History of Yoga
Yoga is a Hindu spiritual and ascetic discipline, a part of which, including breath control, simple meditation, and the adoption of specific bodily postures, is widely practiced for health and relaxation. In Vedic Sanskrit, yoga means “to add”, “to join”, “to unite”, or “to attach” in its most common literal sense. It also could take on meanings such as connection, contact or union. There is a broad variety of schools, practices and goals in Hinduism, Buddhism, particularly Vajrayana Buddhism and Jainism. The best-known are Hatha yoga and Rāja yoga.
The origins of yoga have been speculated to date back to pre-Vedic Indian traditions, but most likely developed around the sixth and fifth centuries BCE, in ancient India’s ascetic and śramaṇa movements.
Although Yoga is said to be as old as civilization, there is no physical evidence to support this claim. Earliest archaeological evidence of Yoga’s existence could be found in stone seals which depict figures of Yoga Poses.
- Vedic Period,
- Pre-Classical Period,
- Classical Period, and
- Post-Classical Period.
The existence of the Vedas marks this period. The Vedas is the sacred scripture of Brahmanism that is the basis of modern-day Hinduism. It is a collection of hymns which praise a divine power. The Vedas contains the oldest known Yogic teachings and as such, teachings found in the Vedas are called Vedic Yoga. This is characterized by rituals and ceremonies that strive to surpass the limitations of the mind.
During this time, the Vedic people relied on rishis or dedicated Vedic Yogis to teach them how to live in divine harmony. Rishis were also gifted with the ability to see the ultimate reality through their intensive spiritual practice. It was also during this time that Yogis living in seclusion (in forests) were recorded.
The creation of the Upanishads marks the Pre-Classical Yoga. The Upanishads explain the teachings of the Vedas.
Yoga shares some characteristics not only with Hinduism but also with Buddhism that we can trace in its history. During the sixth century B.C., Buddha started teaching Buddhism, which stresses the importance of Meditationand the practice of physical postures. Siddhartha Gautama, the first Buddhist to study Yoga, achieved enlightenment at the age of 35.
The Classical Period is marked by another creation – the Yoga Sutra. Written by Patanjali around the second century, it was an attempt to define and standardize Classical Yoga. It is composed of 195 aphorisms or sutras (from the Sanskrit word which means thread) that expound upon the Raja Yoga and its underlying principle, Patanjali’s Eightfold path of Yoga (also called Eight Limbs of Classical Yoga). These are:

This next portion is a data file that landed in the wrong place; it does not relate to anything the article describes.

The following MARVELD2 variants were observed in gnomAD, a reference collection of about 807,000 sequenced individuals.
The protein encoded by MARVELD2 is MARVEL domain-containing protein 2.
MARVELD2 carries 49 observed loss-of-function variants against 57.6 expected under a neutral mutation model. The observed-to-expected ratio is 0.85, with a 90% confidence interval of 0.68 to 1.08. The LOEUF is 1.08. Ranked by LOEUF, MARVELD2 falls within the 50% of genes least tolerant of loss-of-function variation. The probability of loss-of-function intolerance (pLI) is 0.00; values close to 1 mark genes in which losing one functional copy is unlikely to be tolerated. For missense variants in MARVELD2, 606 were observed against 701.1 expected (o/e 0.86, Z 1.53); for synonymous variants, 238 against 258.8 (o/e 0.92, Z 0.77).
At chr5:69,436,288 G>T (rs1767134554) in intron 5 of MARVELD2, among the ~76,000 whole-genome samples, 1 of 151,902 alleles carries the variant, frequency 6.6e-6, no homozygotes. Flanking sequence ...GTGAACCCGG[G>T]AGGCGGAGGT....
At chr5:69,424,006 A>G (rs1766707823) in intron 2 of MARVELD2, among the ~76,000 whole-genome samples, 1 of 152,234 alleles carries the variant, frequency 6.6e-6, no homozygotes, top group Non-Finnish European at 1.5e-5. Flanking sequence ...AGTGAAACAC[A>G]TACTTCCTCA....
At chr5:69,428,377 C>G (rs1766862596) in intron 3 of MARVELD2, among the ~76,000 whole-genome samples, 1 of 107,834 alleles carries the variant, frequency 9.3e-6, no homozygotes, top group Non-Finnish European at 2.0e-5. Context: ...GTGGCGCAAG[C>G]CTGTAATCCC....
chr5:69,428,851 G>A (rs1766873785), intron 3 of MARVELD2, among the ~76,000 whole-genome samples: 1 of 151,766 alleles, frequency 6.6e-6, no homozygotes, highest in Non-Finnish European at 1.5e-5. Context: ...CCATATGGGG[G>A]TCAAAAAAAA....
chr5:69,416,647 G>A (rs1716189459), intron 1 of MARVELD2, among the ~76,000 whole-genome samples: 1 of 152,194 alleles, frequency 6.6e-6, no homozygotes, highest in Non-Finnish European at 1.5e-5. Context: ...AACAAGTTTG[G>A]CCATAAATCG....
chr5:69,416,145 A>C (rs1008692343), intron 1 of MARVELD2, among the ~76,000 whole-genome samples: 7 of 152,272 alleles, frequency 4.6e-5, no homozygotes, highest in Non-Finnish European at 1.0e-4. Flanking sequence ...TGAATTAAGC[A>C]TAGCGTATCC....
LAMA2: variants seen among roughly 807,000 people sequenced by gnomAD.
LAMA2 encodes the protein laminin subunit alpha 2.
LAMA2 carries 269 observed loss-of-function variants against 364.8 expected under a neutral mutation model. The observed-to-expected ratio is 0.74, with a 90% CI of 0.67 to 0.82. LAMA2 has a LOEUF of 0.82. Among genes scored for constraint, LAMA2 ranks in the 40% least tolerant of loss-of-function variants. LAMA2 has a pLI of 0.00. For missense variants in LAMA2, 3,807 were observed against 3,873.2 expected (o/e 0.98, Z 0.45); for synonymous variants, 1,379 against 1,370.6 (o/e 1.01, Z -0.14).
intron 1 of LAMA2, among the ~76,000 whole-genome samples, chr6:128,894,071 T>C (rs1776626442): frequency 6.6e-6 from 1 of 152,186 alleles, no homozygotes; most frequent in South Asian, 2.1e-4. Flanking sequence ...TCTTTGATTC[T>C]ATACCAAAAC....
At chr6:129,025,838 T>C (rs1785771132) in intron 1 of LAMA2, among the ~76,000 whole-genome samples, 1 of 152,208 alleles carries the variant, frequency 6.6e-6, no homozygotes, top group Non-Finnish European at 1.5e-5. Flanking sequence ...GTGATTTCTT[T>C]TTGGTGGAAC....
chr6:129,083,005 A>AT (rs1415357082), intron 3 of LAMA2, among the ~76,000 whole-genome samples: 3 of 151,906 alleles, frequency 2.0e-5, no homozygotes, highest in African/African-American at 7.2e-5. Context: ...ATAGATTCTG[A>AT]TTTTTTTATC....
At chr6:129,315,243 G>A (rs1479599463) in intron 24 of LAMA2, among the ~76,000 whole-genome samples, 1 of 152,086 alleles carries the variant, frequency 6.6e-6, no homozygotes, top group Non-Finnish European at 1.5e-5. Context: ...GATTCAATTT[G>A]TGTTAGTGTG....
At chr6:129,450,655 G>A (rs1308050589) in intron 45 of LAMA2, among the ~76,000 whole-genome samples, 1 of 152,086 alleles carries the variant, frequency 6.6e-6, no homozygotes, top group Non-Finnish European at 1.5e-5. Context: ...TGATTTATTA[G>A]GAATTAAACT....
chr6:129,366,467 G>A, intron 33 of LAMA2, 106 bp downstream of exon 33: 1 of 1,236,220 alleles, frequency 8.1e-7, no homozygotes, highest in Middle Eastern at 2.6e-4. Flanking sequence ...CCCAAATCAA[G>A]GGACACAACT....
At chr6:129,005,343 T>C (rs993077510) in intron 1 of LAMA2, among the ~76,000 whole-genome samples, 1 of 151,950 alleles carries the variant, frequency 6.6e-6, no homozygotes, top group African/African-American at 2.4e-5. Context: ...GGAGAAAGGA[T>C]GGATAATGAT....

1. Yama, which means social restraints or ethical values;
2. Niyama, which is personal observance of purity, tolerance, and study;
3. Asanas or physical exercises;
4. Pranayama, which means breath control or regulation;
5. Pratyahara or sense withdrawal in preparation for Meditation;
6. Dharana, which is about concentration;
7. Dhyana, which means meditation; and
8. Samadhi, which means concentration.
Patanjali believed that each individual is a composite of matter (prakriti) and spirit (purusha). He further believed that the two must be separated in order to cleanse the spirit – a stark contrast to Vedic and Pre-Classical Yoga that signify the union of body and spirit.
Patanjali’s concept was dominant for some centuries that some Yogis focused exclusively on Meditation and neglected their Asanas. It was only later that the belief of the body as a temple was rekindled and attention to the importance of the Asana was revived. This time, Yogis attempted to useYoga techniques to change the body and make it immortal.
At this point, we see a proliferation of literature as well as the practice of Yoga. Post-classical Yoga differs from the first three since its focus is more on the present. It no longer strives to liberate a person from reality but rather teaches one to accept it and live at the moment.
Yoga was introduced in the West during the early 19th century. It was first studied as part of Eastern Philosophy and began as a movement for health and vegetarianism around the 1930’s. By the 1960’s, there was an influx of Indian teachers who expounded on Yoga. One of them was Maharishi Mahesh, the Yogi who popularized Transcendental Meditation. Another one is a prominent Yoga Guru Swami Sivananda.
- Shavasana or proper relaxation;
- Asanas or proper exercise;
- Pranayama or proper breathing;
- Proper diet; and
- Dhyana or positive thinking and Meditation
Thus on a concluding note, till today, yoga continues to proliferate and spread its teachings, crossing the boundaries of culture and language.